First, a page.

Date: 6/17/20 10:32 am
From: Diane Brown <deejbrown...>
Subject: Re: [VTBIRD] June 17, 2020: Coyote Hollow, Thetford Center
Your writing is exquisite, like the sweetest notes from the finest violin,
bringing me to tears.

Thank you.

Diane Brown

On Wed, Jun 17, 2020 at 9:25 AM Ted Levin <tedlevin1966...> wrote:

> 5:05 a.m. 47 degrees, wind NW 0 mph. Sky: empty of clouds; a rose wash in
> the south. A landscape photographer would cut out the sky; there's nothing
> there, just pale, barren blue. A magazine photographer might not, however .
> . . an editor could layout a title or a lead graph in the vacant sky;
> that's about it. A blue void . . . except for a goose, alone and silent,
> that passes southeast. Wetlands veiled in anorexic mist. I can almost see
> individual droplets, which collectively blunt the crowns of spruce and fir,
> which hem the far shore. Veeries spin music out of the mist. Outflow pipe
> from the pond no longer drips. A pair of robins, like spotted sandpipers,
> hunt the emergent rocks in the lower of the two permanent streams; pick
> dormant insects that wait for rain. House wren back to speed; rapid-fire
> song at machinegun pace.
> In the front yard, a pair of hairy woodpeckers idle on the trunk of my
> black walnut . . . a *most* personal tree. Thirty-three years ago, when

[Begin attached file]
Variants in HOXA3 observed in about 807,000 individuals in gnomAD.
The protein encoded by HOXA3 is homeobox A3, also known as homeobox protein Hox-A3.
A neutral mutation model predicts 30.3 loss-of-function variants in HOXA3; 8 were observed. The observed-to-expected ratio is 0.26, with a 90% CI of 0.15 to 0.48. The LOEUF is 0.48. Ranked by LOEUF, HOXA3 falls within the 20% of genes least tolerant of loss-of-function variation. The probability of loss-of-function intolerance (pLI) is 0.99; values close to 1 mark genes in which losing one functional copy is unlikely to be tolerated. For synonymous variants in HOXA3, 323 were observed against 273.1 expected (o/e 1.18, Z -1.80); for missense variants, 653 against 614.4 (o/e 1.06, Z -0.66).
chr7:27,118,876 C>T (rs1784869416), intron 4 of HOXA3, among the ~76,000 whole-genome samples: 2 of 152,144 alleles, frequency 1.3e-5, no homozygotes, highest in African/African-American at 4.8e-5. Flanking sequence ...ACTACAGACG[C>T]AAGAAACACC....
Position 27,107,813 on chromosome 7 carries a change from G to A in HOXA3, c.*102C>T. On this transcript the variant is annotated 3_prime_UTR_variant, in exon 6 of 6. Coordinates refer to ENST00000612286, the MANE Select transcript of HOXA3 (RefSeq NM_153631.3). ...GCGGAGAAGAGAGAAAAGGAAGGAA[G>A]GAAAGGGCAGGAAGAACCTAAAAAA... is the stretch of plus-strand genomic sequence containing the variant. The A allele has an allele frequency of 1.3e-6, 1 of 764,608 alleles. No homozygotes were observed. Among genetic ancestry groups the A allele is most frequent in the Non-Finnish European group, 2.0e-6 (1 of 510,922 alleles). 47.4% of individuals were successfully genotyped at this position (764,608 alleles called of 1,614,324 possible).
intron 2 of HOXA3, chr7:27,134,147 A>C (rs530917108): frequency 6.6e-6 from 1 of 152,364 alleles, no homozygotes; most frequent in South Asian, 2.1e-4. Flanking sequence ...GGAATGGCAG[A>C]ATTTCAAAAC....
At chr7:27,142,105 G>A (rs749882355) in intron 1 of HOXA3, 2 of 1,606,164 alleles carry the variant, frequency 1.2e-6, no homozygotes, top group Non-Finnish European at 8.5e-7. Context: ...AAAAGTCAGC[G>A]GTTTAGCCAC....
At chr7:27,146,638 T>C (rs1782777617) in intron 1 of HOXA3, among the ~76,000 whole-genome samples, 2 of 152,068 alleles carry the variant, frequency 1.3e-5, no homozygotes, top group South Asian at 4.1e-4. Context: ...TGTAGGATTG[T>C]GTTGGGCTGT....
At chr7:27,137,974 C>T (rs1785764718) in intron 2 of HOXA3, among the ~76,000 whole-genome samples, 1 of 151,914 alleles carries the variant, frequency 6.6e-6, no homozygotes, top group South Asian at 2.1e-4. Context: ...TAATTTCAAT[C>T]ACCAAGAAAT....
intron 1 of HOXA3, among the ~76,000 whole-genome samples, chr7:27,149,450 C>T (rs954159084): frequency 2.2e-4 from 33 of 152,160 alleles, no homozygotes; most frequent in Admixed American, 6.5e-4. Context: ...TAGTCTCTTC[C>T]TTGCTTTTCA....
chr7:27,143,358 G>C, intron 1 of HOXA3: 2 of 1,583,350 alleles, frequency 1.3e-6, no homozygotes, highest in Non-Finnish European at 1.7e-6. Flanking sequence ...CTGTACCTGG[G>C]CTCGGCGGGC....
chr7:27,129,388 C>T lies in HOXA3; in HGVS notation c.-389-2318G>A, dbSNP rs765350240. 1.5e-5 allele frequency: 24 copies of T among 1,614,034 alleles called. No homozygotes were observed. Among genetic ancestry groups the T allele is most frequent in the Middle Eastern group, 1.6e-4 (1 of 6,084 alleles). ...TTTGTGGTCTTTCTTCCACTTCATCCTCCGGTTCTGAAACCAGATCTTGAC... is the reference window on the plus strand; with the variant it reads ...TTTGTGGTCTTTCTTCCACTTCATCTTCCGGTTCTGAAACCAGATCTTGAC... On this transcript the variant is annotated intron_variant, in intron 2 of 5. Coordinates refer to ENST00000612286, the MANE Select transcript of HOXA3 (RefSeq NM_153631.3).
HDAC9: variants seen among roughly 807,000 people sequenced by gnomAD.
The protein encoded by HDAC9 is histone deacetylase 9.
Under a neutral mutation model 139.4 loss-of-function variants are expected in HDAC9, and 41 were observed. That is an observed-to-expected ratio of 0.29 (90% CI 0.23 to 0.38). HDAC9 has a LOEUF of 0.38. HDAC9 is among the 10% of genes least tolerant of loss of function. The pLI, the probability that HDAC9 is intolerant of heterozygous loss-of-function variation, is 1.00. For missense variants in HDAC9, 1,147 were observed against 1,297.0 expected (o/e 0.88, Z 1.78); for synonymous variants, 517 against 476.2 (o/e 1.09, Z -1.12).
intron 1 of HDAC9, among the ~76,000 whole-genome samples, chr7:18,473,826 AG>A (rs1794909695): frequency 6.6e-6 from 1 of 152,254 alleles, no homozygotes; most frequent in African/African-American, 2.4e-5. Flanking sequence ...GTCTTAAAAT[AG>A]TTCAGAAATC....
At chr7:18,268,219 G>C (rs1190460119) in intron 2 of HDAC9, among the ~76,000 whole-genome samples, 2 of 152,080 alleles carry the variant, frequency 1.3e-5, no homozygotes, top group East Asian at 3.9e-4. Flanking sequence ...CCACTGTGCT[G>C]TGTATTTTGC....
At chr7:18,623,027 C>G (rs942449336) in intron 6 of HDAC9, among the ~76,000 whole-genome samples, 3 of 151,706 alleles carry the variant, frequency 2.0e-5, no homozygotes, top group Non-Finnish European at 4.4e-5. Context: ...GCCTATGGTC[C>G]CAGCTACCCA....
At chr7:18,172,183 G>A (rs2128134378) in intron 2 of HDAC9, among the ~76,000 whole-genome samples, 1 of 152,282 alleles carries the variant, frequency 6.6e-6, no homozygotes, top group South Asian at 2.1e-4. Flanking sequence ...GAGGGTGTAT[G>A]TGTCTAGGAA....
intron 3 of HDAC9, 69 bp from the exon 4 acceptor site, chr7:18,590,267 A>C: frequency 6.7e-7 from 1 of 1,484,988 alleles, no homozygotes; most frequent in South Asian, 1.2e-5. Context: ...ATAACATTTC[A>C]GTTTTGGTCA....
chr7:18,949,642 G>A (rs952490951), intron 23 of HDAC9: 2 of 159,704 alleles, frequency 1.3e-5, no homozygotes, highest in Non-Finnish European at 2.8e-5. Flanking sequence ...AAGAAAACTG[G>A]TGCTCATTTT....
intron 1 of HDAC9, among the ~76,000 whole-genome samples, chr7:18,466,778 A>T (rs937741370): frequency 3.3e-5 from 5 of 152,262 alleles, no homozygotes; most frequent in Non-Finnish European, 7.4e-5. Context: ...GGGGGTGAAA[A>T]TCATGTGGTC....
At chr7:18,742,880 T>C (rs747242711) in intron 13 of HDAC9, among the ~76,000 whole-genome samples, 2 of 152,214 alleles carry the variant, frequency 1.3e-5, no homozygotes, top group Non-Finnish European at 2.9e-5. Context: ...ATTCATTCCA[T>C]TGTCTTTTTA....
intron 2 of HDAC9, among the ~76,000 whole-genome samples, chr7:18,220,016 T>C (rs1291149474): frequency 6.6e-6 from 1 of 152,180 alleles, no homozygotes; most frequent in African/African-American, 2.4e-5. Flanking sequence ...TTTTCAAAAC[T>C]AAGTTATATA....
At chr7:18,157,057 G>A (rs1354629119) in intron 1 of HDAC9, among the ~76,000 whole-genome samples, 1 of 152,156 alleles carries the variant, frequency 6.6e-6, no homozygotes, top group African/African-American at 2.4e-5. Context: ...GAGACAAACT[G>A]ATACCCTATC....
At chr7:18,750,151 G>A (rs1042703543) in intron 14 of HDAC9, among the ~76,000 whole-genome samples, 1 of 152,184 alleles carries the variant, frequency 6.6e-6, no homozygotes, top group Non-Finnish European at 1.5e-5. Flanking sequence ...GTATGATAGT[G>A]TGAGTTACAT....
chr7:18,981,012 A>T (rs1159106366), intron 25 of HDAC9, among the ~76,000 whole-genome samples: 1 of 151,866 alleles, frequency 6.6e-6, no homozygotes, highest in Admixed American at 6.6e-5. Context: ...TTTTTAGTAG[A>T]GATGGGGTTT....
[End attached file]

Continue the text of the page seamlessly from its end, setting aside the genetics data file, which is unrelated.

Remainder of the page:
> Linny was pregnant with Casey, she decided that we should collect walnuts
> from a large sweeping tree that grew on a nearby dairy farm. We were given
> permission to gather nuts, which littered the yard like pebbled linoleum.
> We collected a bushel, the most magnificent walnuts I'd ever seen, each one
> almost as big as a baseball, with fragrant, yellow-green husks, like so
> many odd-shaped apples. Of the approximate one hundred nuts we gathered,
> seven germinated. After Casey was born, Linny called the sprouts Casey's
> trees. She planted them in the yard and fussed over them. Four survived the
> first year. A deer ate one the second year; another died of unknown causes.
> When we moved to Thetford, seven years later, the trees came with us;
> two-feet tall—quintessential slow-growing hardwoods—roots longer and
> stouter than trunks. During the three years that we lived on Houghton Hill,
> one of the saplings died. By the time we moved to Coyote Hollow, we had two
> boys and one tree. The walnut was now eight-feet tall. We hired landscapers
> to transplant it.
> When Linny died in 2000, the walnut was coming into its own.
> Now Casey lives in Colorado and the tree, his tree, that his mother so
> lovingly tended, is over forty-feet tall, more a than a foot thick at
> breast height, and lords it over the compost pile and garden. Sapsucker
> holes like necklaces skirt the trunk. A rose-breasted grosbeak, bold among
> feathery leaves, its breast on fire, sings sweetly . . . a birthday tune.
> It's Casey's birthday today; he and his tree, a pair of
> thirty-three-year-olds. Even red-eyed vireos sound sweeter today.
> The world's on fire, and a flicker lands in the walnut. Yellow and white
> and tan, spotted and barred, black bib and mustache, red-nape and
> gray-crown . . . a birthday bird. I only wish Casey was here to see it.
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